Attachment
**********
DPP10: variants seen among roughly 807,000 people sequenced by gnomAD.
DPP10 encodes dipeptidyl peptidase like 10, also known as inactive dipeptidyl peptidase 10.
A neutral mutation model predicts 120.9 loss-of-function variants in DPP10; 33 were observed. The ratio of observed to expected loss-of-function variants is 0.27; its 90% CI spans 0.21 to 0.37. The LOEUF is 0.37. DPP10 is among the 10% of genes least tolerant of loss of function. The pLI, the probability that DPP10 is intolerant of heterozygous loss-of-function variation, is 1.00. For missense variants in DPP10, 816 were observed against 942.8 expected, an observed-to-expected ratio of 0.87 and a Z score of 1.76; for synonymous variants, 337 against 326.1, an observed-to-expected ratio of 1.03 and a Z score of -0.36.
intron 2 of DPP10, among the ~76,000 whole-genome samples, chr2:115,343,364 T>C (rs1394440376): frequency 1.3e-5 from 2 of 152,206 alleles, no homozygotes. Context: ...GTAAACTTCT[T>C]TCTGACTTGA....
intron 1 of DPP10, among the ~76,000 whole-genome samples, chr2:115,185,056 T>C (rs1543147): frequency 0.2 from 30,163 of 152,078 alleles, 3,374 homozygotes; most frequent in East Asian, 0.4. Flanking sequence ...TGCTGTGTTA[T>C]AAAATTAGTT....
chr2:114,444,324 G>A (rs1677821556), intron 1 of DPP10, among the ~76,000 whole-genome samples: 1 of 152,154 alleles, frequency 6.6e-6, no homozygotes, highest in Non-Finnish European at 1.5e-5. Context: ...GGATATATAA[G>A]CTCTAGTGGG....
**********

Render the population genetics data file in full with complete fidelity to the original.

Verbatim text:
DPP10: variants seen among roughly 807,000 people sequenced by gnomAD.
DPP10 encodes dipeptidyl peptidase like 10, also known as inactive dipeptidyl peptidase 10.
A neutral mutation model predicts 120.9 loss-of-function variants in DPP10; 33 were observed. The ratio of observed to expected loss-of-function variants is 0.27; its 90% CI spans 0.21 to 0.37. The LOEUF is 0.37. DPP10 is among the 10% of genes least tolerant of loss of function. The pLI, the probability that DPP10 is intolerant of heterozygous loss-of-function variation, is 1.00. For missense variants in DPP10, 816 were observed against 942.8 expected, an observed-to-expected ratio of 0.87 and a Z score of 1.76; for synonymous variants, 337 against 326.1, an observed-to-expected ratio of 1.03 and a Z score of -0.36.
intron 2 of DPP10, among the ~76,000 whole-genome samples, chr2:115,343,364 T>C (rs1394440376): frequency 1.3e-5 from 2 of 152,206 alleles, no homozygotes. Context: ...GTAAACTTCT[T>C]TCTGACTTGA....
intron 1 of DPP10, among the ~76,000 whole-genome samples, chr2:115,185,056 T>C (rs1543147): frequency 0.2 from 30,163 of 152,078 alleles, 3,374 homozygotes; most frequent in East Asian, 0.4. Flanking sequence ...TGCTGTGTTA[T>C]AAAATTAGTT....
chr2:114,444,324 G>A (rs1677821556), intron 1 of DPP10, among the ~76,000 whole-genome samples: 1 of 152,154 alleles, frequency 6.6e-6, no homozygotes, highest in Non-Finnish European at 1.5e-5. Context: ...GGATATATAA[G>A]CTCTAGTGGG....